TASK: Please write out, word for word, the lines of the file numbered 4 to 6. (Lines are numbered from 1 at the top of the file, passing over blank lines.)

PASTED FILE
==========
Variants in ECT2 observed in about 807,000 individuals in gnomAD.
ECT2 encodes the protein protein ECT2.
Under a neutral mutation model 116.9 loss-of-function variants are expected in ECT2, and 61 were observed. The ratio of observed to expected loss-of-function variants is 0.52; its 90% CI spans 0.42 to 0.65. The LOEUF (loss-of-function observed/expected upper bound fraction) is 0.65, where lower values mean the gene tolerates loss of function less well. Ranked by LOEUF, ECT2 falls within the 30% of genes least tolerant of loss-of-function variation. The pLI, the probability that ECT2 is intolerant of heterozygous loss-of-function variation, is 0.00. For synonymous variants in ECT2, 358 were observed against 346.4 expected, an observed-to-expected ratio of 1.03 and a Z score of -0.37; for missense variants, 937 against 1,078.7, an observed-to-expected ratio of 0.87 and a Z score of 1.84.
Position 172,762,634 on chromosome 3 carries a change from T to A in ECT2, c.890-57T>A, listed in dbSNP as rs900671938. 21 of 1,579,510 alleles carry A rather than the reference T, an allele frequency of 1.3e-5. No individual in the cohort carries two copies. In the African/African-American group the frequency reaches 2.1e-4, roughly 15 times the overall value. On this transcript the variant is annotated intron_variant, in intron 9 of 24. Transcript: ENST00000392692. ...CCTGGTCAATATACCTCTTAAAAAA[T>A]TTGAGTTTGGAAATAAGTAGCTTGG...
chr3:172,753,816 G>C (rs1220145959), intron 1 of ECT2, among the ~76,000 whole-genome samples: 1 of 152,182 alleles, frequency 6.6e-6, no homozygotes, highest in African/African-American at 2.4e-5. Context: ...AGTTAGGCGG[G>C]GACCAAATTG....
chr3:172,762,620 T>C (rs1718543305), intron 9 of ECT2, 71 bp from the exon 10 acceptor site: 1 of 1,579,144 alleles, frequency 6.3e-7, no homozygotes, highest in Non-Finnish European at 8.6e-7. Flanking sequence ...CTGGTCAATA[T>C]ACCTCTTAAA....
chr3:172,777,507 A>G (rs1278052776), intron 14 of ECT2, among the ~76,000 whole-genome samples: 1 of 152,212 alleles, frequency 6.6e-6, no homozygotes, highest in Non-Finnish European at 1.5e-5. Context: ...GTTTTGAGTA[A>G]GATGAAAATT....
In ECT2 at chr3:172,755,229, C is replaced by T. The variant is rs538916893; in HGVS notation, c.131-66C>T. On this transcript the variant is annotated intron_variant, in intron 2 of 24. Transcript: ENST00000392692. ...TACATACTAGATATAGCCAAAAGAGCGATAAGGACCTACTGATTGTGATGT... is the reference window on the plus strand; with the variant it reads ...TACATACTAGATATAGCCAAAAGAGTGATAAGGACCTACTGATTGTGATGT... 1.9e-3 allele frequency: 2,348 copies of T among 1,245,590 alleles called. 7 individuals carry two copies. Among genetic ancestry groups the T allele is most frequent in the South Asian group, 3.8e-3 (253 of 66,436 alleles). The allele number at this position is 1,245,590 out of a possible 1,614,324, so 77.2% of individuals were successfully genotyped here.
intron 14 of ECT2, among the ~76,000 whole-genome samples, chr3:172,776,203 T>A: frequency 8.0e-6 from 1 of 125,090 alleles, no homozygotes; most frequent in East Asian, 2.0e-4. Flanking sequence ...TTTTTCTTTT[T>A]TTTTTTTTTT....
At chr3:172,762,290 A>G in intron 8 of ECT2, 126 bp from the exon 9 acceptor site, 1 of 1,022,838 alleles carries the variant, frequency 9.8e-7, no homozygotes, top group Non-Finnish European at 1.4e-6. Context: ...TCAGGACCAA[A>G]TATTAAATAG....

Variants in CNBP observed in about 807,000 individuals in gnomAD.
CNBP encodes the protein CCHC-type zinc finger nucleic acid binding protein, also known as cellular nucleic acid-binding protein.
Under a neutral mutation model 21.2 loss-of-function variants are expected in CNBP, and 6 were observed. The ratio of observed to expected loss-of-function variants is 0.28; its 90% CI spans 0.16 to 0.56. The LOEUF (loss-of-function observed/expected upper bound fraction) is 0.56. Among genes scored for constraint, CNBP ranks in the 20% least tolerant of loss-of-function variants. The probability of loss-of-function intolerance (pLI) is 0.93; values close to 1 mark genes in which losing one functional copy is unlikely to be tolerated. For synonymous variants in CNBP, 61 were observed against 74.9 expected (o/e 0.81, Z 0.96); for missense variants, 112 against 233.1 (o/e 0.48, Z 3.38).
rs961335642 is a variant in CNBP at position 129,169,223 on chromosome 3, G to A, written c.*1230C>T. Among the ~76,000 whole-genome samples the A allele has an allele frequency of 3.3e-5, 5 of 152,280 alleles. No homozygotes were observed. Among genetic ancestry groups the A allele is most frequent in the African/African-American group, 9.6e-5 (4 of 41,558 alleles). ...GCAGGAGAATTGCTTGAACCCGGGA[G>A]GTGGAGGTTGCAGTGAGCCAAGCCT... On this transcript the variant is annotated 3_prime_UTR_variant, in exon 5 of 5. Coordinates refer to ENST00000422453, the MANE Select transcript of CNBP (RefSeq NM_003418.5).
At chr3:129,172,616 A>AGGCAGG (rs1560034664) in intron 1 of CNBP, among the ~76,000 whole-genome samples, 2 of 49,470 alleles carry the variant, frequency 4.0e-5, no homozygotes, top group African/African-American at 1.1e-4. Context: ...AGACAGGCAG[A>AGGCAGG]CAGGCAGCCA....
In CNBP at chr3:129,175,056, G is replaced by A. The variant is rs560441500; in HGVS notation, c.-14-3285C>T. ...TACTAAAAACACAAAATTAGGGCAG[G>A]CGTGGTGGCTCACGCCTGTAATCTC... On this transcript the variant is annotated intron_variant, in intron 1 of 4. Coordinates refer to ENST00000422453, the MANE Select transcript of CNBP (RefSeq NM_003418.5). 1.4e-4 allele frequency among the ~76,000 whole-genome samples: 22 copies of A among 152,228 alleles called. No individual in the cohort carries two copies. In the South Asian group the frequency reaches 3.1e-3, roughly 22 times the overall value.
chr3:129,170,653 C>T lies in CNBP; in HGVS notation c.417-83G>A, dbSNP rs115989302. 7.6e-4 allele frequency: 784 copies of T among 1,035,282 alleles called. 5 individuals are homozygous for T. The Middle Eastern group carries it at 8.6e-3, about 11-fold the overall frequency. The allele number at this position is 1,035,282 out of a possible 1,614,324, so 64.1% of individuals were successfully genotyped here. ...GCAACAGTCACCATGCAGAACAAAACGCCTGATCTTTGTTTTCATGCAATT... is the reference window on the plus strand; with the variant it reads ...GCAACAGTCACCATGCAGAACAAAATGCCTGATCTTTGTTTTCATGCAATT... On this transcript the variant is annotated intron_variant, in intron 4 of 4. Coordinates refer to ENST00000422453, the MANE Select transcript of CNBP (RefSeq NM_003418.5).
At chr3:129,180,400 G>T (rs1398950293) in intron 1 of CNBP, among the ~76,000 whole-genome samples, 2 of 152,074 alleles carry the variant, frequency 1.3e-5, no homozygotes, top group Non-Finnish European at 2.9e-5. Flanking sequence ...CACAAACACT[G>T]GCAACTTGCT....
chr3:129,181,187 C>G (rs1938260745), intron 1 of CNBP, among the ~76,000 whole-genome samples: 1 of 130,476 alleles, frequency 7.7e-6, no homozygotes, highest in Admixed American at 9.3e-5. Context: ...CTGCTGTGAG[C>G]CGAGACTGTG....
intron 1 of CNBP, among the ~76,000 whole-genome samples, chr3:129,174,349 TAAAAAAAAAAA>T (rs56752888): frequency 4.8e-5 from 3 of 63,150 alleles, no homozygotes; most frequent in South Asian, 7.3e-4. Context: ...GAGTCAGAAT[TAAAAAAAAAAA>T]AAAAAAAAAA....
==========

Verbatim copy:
Position 172,762,634 on chromosome 3 carries a change from T to A in ECT2, c.890-57T>A, listed in dbSNP as rs900671938. 21 of 1,579,510 alleles carry A rather than the reference T, an allele frequency of 1.3e-5. No individual in the cohort carries two copies. In the African/African-American group the frequency reaches 2.1e-4, roughly 15 times the overall value. On this transcript the variant is annotated intron_variant, in intron 9 of 24. Transcript: ENST00000392692. ...CCTGGTCAATATACCTCTTAAAAAA[T>A]TTGAGTTTGGAAATAAGTAGCTTGG...
chr3:172,753,816 G>C (rs1220145959), intron 1 of ECT2, among the ~76,000 whole-genome samples: 1 of 152,182 alleles, frequency 6.6e-6, no homozygotes, highest in African/African-American at 2.4e-5. Context: ...AGTTAGGCGG[G>C]GACCAAATTG....
chr3:172,762,620 T>C (rs1718543305), intron 9 of ECT2, 71 bp from the exon 10 acceptor site: 1 of 1,579,144 alleles, frequency 6.3e-7, no homozygotes, highest in Non-Finnish European at 8.6e-7. Flanking sequence ...CTGGTCAATA[T>C]ACCTCTTAAA....